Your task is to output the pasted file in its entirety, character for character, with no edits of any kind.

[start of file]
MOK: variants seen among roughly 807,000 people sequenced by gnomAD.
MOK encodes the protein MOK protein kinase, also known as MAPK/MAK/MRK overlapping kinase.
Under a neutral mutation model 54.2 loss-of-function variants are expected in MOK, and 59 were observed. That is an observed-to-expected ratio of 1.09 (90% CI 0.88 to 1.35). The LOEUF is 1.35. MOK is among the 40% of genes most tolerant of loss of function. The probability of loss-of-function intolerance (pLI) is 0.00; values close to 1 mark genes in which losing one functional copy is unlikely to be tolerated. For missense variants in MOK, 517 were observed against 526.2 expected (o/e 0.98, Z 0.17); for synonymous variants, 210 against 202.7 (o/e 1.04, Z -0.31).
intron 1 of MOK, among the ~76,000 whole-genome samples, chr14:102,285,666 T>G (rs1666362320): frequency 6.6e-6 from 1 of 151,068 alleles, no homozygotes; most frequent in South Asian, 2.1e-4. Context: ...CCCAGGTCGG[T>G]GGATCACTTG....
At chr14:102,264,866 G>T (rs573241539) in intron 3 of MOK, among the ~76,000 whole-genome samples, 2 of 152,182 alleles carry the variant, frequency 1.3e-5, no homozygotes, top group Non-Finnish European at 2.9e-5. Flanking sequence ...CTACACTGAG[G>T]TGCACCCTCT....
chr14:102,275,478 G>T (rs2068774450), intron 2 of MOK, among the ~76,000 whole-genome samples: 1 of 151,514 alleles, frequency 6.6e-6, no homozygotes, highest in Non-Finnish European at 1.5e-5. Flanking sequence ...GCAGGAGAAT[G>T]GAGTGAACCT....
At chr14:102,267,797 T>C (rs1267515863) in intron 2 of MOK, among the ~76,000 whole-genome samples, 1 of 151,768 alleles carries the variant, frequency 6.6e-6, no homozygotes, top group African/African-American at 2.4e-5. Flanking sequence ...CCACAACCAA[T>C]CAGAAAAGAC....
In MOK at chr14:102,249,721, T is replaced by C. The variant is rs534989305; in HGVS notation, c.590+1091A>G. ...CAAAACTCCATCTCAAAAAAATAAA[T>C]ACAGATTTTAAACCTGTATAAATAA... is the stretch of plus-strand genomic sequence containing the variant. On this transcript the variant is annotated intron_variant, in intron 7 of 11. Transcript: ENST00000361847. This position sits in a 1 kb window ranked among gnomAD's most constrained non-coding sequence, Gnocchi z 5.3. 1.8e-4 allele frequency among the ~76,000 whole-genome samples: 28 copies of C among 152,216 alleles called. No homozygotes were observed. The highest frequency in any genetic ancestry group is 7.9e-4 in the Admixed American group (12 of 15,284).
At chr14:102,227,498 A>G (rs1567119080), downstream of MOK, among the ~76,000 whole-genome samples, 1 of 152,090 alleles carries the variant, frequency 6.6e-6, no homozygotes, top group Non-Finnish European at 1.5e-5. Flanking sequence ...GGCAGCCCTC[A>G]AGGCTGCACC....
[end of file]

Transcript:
MOK: variants seen among roughly 807,000 people sequenced by gnomAD.
MOK encodes the protein MOK protein kinase, also known as MAPK/MAK/MRK overlapping kinase.
Under a neutral mutation model 54.2 loss-of-function variants are expected in MOK, and 59 were observed. That is an observed-to-expected ratio of 1.09 (90% CI 0.88 to 1.35). The LOEUF is 1.35. MOK is among the 40% of genes most tolerant of loss of function. The probability of loss-of-function intolerance (pLI) is 0.00; values close to 1 mark genes in which losing one functional copy is unlikely to be tolerated. For missense variants in MOK, 517 were observed against 526.2 expected (o/e 0.98, Z 0.17); for synonymous variants, 210 against 202.7 (o/e 1.04, Z -0.31).
intron 1 of MOK, among the ~76,000 whole-genome samples, chr14:102,285,666 T>G (rs1666362320): frequency 6.6e-6 from 1 of 151,068 alleles, no homozygotes; most frequent in South Asian, 2.1e-4. Context: ...CCCAGGTCGG[T>G]GGATCACTTG....
At chr14:102,264,866 G>T (rs573241539) in intron 3 of MOK, among the ~76,000 whole-genome samples, 2 of 152,182 alleles carry the variant, frequency 1.3e-5, no homozygotes, top group Non-Finnish European at 2.9e-5. Flanking sequence ...CTACACTGAG[G>T]TGCACCCTCT....
chr14:102,275,478 G>T (rs2068774450), intron 2 of MOK, among the ~76,000 whole-genome samples: 1 of 151,514 alleles, frequency 6.6e-6, no homozygotes, highest in Non-Finnish European at 1.5e-5. Flanking sequence ...GCAGGAGAAT[G>T]GAGTGAACCT....
At chr14:102,267,797 T>C (rs1267515863) in intron 2 of MOK, among the ~76,000 whole-genome samples, 1 of 151,768 alleles carries the variant, frequency 6.6e-6, no homozygotes, top group African/African-American at 2.4e-5. Flanking sequence ...CCACAACCAA[T>C]CAGAAAAGAC....
In MOK at chr14:102,249,721, T is replaced by C. The variant is rs534989305; in HGVS notation, c.590+1091A>G. ...CAAAACTCCATCTCAAAAAAATAAA[T>C]ACAGATTTTAAACCTGTATAAATAA... is the stretch of plus-strand genomic sequence containing the variant. On this transcript the variant is annotated intron_variant, in intron 7 of 11. Transcript: ENST00000361847. This position sits in a 1 kb window ranked among gnomAD's most constrained non-coding sequence, Gnocchi z 5.3. 1.8e-4 allele frequency among the ~76,000 whole-genome samples: 28 copies of C among 152,216 alleles called. No homozygotes were observed. The highest frequency in any genetic ancestry group is 7.9e-4 in the Admixed American group (12 of 15,284).
At chr14:102,227,498 A>G (rs1567119080), downstream of MOK, among the ~76,000 whole-genome samples, 1 of 152,090 alleles carries the variant, frequency 6.6e-6, no homozygotes, top group Non-Finnish European at 1.5e-5. Flanking sequence ...GGCAGCCCTC[A>G]AGGCTGCACC....